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Let $V$ be a finite-dimensional vector space over $\mathbb{F}$. In what follows, I assume as known $\operatorname{Bilinear}(V^* \times V, \mathbb{F}) \cong V \otimes V^*$ (since the derivation of this canonical isomorphism is covered in Greub’s *Multilinear Algebra*) and also that $V \cong V^{**}$. Thus what I want to show is:

Lemma:$\operatorname{Bilinear}(V^* \times V, \mathbb{F}) \cong \mathscr{L}(V,V)$.

Let $\varepsilon : V^* \times V \to \mathbb{F}$ be the bilinear map defined for all $f \in V^*, v \in V$ as: $$\varepsilon:(f,v) \mapsto f(v)\,. $$ Assume we are given a linear transformation $A \in \mathscr{L}(V,V)$, then this induces the bilinear map: $$\Phi_A \in \operatorname{Bilinear}(V^* \times V, \mathbb{F}), \quad \Phi_A: (f,v) \mapsto \varepsilon(f, Av)\,. $$ By the bilinearity of $\varepsilon$ and the fact that $\mathscr{L}(V,V)$ is a vector space, it is fairly clear that the assignment $\quad A \mapsto \Phi_A \quad$ is a linear map from $\mathscr{L}(V,V) \to \operatorname{Bilinear}(V^* \times V, \mathbb{F})$. Thus, in order to conclude the proof it suffices to show that the assignment is bijective.

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**Surjectivity:** Let $\beta \in \operatorname{Bilinear}(V^* \times V, \mathbb{F})$ . Fix a basis $v^1, \dots, v^n$ of $V$.

Then for all $i$, we have that $\beta(\cdot,v^i) \in V^{**} \cong V$. By (bi)linearity, the behavior of $\beta$ is completely determined by the behavior of the $n$ functions $\beta(\cdot, v^1),\dots,\beta(\cdot, v^n)$.

Let $A \in \mathscr{L}(V,V)$ be such that for all $i$: $Av^i “=” \beta(\cdot, v^i)$ (this makes sense since the isomorphism $V \cong V^{**}$ is canonical). Then we have that $\beta = \Phi_A = \varepsilon(\cdot, A(\cdot))\,.$

**Injectivity:** Assume $\Phi_A=\Phi_{A’}$. Then $$0=\Phi_A-\Phi_{A’}=\varepsilon(\cdot,A(\cdot))-\varepsilon(\cdot,A'(\cdot))=\varepsilon(\cdot,(A-A’)(\cdot))\,, $$ the last equality following from (bi)linearity.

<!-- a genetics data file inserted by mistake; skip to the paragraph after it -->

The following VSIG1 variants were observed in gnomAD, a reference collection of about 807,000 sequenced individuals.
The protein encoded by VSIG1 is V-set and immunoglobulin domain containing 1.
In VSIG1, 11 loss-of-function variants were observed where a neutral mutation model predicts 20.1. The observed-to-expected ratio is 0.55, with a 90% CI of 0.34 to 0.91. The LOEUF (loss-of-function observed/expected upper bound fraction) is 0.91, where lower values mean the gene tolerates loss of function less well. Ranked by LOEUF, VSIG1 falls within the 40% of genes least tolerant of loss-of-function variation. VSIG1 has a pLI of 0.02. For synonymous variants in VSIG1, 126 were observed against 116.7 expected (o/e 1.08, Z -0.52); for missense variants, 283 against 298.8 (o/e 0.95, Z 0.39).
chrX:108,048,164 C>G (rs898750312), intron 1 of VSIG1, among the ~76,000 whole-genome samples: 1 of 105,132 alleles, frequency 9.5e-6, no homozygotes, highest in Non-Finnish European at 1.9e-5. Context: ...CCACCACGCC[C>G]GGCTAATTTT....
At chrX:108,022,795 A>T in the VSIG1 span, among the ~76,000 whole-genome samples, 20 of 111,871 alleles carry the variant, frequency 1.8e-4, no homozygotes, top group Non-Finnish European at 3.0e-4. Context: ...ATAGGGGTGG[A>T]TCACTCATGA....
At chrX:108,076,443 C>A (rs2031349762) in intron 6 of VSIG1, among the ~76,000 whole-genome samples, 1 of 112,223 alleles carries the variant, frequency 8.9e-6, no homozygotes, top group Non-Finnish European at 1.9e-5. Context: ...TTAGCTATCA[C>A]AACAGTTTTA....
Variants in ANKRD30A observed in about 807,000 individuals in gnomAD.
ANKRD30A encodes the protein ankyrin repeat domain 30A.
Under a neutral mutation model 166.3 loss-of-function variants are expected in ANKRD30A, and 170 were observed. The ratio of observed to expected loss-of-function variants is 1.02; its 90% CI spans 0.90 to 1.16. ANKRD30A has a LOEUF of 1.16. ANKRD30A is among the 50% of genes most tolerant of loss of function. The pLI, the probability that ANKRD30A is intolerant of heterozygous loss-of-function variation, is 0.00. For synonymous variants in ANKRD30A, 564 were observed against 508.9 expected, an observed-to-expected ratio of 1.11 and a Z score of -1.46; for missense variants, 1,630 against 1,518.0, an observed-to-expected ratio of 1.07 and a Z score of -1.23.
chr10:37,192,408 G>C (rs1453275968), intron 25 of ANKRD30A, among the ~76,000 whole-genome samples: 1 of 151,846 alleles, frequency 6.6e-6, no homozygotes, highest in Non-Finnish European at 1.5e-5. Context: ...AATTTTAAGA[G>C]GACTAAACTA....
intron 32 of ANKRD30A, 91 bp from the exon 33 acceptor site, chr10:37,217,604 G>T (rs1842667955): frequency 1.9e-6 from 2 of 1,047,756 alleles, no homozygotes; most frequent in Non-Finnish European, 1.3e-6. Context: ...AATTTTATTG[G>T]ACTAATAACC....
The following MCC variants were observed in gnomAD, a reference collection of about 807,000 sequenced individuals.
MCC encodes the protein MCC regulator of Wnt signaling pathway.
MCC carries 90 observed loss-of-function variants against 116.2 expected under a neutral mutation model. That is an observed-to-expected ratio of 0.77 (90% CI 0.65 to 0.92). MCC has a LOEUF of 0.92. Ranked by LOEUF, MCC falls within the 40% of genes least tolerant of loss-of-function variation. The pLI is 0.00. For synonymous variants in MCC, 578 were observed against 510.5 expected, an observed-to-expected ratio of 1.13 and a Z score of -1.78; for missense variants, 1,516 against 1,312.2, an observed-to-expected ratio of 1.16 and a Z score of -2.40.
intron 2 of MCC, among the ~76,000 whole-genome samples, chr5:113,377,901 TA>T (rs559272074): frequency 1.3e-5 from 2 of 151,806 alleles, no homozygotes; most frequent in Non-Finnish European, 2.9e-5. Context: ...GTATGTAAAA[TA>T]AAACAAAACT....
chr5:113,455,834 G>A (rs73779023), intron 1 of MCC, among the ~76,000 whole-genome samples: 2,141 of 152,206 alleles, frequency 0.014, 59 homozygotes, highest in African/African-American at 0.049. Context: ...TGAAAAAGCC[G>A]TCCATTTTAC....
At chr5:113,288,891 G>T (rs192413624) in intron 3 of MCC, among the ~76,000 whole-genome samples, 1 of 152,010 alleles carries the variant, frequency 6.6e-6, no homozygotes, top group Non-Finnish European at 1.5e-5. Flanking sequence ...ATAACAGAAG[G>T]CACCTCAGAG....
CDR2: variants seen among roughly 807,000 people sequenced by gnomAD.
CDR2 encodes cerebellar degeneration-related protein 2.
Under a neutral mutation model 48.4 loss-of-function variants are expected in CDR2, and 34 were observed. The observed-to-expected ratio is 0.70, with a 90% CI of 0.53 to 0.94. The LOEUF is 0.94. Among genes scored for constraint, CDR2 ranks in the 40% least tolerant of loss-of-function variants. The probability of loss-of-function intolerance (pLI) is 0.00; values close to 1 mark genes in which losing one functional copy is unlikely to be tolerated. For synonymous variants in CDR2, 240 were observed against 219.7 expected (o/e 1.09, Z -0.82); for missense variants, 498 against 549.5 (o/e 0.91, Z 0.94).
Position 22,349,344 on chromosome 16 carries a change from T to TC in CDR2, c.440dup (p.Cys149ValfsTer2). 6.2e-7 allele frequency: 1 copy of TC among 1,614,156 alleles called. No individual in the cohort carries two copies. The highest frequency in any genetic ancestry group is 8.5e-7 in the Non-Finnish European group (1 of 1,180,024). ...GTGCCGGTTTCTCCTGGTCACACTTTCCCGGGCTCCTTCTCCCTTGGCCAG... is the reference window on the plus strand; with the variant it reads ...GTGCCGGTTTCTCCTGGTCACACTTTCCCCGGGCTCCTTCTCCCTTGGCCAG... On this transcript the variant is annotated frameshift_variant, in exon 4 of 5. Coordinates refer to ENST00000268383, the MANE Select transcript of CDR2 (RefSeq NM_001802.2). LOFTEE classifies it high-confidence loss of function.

For any $v\in V$, clearly, $\varepsilon(f, v)=f(v)=0$ for *all* $f \in V^*$ if and only if $v = 0$.

Since for any fixed $v$, $\varepsilon(f, (A-A’)v)=0$ for *all* $f \in V^*$, it follows that $(A-A’)v=0$ for any $v \in V$. Thus $A-A’=0$ and $A=A’$. $\square$

Is this correct?

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The only part of the above that I feel unsure about is the claim:

Then $\beta = \Phi_A = \varepsilon(\cdot, A(\cdot))$.

since it skips so many steps, albeit all easy and simple steps. So to prove this, I will resort to extreme pedantry. Please bear with me.

Define the canonical isomorphism $V \cong V^{**}$ by $\xi : V \to V^{**}$, $\xi^{-1}: V^{**} \to V$.

Then more precisely, $A$ is defined so that for all $i \in [n]=\{1,\dots,n\}$: $$Av^i = \xi^{-1}[\beta(\cdot,v^i)]\,. $$ Any linear transformation (on a finite-dimensional vector space) is uniquely determined by its action on a basis, thus this uniquely determines $A$ (i.e. without ambiguity).

So let us now calculate $\Phi_A$ and show that it is indeed equal to $\beta$, as claimed.

Let $v\in V, v=a_1v^1 + \dots + a_nv^n$, and $f \in V^*$. Then we have that $$\Phi_A(f,v)= \varepsilon(f,Av)=\varepsilon(f,A(a_1v^1 + \dots a_nv^n))=\varepsilon(f,a_1Av^1 + \dots + a_n A v^n)\,, $$ the last inequality following from linearity of $A$. Then by bilinearity of $\varepsilon$: $$ = a_1\varepsilon(f,Av^1)+ \dots+a_n\varepsilon(f,Av^n)=a_1 \varepsilon(f,\xi^{-1}[\beta(\cdot, v^i)])+\dots+a_n\varepsilon(f,\xi^{-1}[\beta(\cdot,v^n)])\,. $$ Now the definition of $\xi$ is that for all $v\in V$, $\xi v=\varepsilon(\cdot,v)$ and for all $\zeta \in V^{**}$ and all $f \in V^*$, $$f(\xi^{-1}\zeta)=\zeta(f)\,. $$ So using the definition of $\varepsilon$, we rewrite the above again as: $$a_1 \cdot f(\xi^{-1}[\beta(\cdot, v^1)]) + \dots + a_n \cdot f(\xi^{-1}[\beta(\cdot,v^n)]) \,,$$ and then applying the definition of $\xi^{-1}$ as deduced above: $$a_1\beta(f,v^1)+\dots+a_n\beta(f,v^n)\,.$$ This allows us to use the bilinearity of $\beta$ to simplify: $$=\beta(f,a_1v^1)+\dots+\beta(f,a_nv^n)=\beta(f,a_1v^1+\dots+a_nv^n)=\beta(f,v)\,. $$

Thus, for all $f \in V^*, v \in V$, we have shown that $\Phi_A(f,v)=\beta(f,v)$, thus truly we do have $$\beta=\Phi_A =\varepsilon(\cdot, A(\cdot))$$ and thus the assignment $A \mapsto \Phi_A$ really *is* surjective.

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